Setting the Stage – IP Exhaustion
IP rights are neither perpetual nor limitless. In fact, IP rights are inter alia limited in scope, duration and by express exceptions. A sometimes forgotten limitation of IP rights is exhaustion, or the “first sale doctrine”, which is the name it bears in the U.S.
In essence, the IP right related to a certain article is considered to be exhausted once it has been sold with the consent of the IP holder. From a geographical perspective, two alternative principles (leading to very different outcomes) can be distinguished. The first one is national exhaustion, which entails that only a sale of an article within the relevant national territory would exhaust the IP right. According to a second principle, such territorial distinction is not recognized, i.e., a sale anywhere in the world can exhaust the IP right (international exhaustion).
In the U.S., the United States Court of Appeals for the Federal Circuit (Federal Circuit) as well as the Supreme Court of the United States (SCOTUS) have considered the question of exhaustion from many different perspectives in their earlier judgments. In this article, I will discuss the judgment of the SCOTUS in a quite recent case regarding exhaustion, Impression v. Lexmark. The judgment was handed down on 30 May 2017.
Prelude – Judgment of the Federal Circuit
The facts of the case can briefly be described as follows. Lexmark International Inc., (Lexmark) is a company that designs, manufactures and sells printer cartridges to consumers in the U.S. and abroad. The company owns a number of patents covering components of those cartridges as well as the manner in which they are used. When the toner runs out, the toner cartridges can be refilled and used again. This has created an opportunity for other companies such as Impression Products, Inc. (Impression) to obtain empty Lexmark cartridges from the purchasers, refill them with toner and then resell them at a lower price compared to Lexmark’s new cartridges.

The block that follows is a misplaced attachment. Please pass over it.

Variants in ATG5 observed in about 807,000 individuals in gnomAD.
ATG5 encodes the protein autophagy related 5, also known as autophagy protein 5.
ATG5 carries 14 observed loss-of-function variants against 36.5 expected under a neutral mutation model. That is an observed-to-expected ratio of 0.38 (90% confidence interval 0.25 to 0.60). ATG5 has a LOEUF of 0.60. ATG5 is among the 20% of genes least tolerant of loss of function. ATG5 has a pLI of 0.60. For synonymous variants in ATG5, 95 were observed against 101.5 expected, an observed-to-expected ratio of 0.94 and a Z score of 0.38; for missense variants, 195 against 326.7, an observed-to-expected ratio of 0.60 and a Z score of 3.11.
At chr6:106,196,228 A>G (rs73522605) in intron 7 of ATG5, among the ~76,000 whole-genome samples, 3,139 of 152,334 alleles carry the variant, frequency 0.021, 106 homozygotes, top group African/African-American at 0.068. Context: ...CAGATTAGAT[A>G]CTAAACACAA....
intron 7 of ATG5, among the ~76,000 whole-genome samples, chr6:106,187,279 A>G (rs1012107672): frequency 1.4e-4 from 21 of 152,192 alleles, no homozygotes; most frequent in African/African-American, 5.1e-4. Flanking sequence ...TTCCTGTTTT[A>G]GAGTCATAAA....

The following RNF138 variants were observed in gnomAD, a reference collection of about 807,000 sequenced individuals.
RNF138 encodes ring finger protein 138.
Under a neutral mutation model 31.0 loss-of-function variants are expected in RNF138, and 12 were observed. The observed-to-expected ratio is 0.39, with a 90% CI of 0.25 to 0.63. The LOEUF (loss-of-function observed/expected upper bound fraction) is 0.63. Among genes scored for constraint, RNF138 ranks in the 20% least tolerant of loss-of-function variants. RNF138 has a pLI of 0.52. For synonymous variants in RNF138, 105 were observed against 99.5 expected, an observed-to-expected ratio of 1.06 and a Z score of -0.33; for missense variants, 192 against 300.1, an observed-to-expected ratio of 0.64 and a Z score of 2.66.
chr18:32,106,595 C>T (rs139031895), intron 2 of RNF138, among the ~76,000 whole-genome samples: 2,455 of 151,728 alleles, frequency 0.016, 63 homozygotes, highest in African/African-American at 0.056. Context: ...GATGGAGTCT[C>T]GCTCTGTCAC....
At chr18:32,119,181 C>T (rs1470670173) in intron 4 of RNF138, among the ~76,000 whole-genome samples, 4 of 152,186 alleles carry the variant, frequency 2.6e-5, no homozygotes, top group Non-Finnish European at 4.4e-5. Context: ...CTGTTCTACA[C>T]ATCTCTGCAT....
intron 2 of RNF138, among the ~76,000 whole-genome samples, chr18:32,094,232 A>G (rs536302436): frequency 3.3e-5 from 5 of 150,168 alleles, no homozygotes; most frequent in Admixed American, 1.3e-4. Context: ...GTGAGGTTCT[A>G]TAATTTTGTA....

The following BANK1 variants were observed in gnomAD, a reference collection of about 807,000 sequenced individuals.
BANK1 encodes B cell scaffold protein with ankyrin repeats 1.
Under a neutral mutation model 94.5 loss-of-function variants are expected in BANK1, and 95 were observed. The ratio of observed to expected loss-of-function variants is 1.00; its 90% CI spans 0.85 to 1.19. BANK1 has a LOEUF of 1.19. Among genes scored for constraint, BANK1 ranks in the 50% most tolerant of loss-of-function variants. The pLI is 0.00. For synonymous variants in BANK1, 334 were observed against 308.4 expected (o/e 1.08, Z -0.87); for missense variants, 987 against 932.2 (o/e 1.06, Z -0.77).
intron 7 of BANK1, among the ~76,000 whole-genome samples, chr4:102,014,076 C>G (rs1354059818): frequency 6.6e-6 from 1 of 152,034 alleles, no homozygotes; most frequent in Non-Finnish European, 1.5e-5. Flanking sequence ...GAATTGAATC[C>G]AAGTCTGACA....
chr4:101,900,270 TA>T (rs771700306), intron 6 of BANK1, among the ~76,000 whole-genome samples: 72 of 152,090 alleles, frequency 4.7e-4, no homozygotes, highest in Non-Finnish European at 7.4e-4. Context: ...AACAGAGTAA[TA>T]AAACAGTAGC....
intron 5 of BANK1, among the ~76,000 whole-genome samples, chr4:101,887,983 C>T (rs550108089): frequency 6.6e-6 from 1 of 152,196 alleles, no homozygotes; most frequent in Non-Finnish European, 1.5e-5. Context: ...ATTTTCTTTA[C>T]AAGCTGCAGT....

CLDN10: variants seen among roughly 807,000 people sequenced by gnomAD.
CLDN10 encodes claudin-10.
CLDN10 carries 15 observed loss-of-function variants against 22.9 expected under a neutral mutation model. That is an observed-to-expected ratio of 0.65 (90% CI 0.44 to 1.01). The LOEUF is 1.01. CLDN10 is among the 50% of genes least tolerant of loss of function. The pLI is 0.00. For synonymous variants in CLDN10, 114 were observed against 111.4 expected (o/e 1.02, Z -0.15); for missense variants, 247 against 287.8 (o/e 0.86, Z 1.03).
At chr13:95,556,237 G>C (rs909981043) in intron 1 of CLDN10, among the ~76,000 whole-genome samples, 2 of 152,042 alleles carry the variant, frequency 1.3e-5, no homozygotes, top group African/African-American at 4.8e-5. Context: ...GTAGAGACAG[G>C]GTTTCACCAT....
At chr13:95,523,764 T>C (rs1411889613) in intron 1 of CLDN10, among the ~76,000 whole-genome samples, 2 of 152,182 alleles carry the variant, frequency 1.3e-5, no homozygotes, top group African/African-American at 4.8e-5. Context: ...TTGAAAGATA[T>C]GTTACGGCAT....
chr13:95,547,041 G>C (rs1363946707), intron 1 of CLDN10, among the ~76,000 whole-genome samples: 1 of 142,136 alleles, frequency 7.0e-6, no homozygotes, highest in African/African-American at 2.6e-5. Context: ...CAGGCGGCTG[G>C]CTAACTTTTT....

Lexmark brought a patent infringement suit against a number of remanufacturers including Impression, who had obtained empty Lexmark toner cartridges from consumers both in the U.S. and abroad, and then refilled and resold them in the U.S. On appeal, the Federal Circuit went en banc and in essence held that a foreign sale of a U.S.-patented article, when made by or with the approval of the U.S. patent holder, does not exhaust the patent holder’s U.S. patent rights in the article sold. The Federal Circuit considered this to be the case even when no reservation of rights accompanies the sale. This decision was consistent with the previous case law of the Federal Circuit (e.g., Jazz Photo Corp. v. International Trade Commission).
Certiorari was granted by the SCOTUS and the following questions were before the SCOTUS:
1. Whether a “conditional sale” that transfers title to the patented item while specifying post-sale restrictions on the article’s use or resale avoids application of the patent exhaustion doctrine and therefore permits the enforcement of such post-sale restrictions through the patent law’s infringement remedy; and
2. Whether, in light of this Court’s holding in Kirtsaeng v. John Wiley & Sons, Inc., that the common law doctrine barring restraints on alienation that is the basis of exhaustion doctrine “makes no geographical distinctions,” a sale of a patented article — authorized by the U.S. patentee — that takes place outside of the United States exhausts the U.S. patent rights in that article.
While both questions are interesting, I have decided to focus on the second one in this article.
Reversed and Remanded – the SCOTUS Judgment
Before the SCOTUS ruling in Impression v. Lexmark, it would have been quite fair to say that a concept of national exhaustion was adhered to when it comes to U.S. patent law. This status quo may have been rattled a bit by the SCOTUS ruling in Kirtsaeng v. John Wiley & Sons, Inc., (“Kirtsaeng“) where the SCOTUS held that a regime of international exhaustion could be applied in a copyright case. It should be noted that Kirtsaengconcerned copyright and the national exhaustion rule was still considered by many to be good law when it came to patents. Well, not anymore.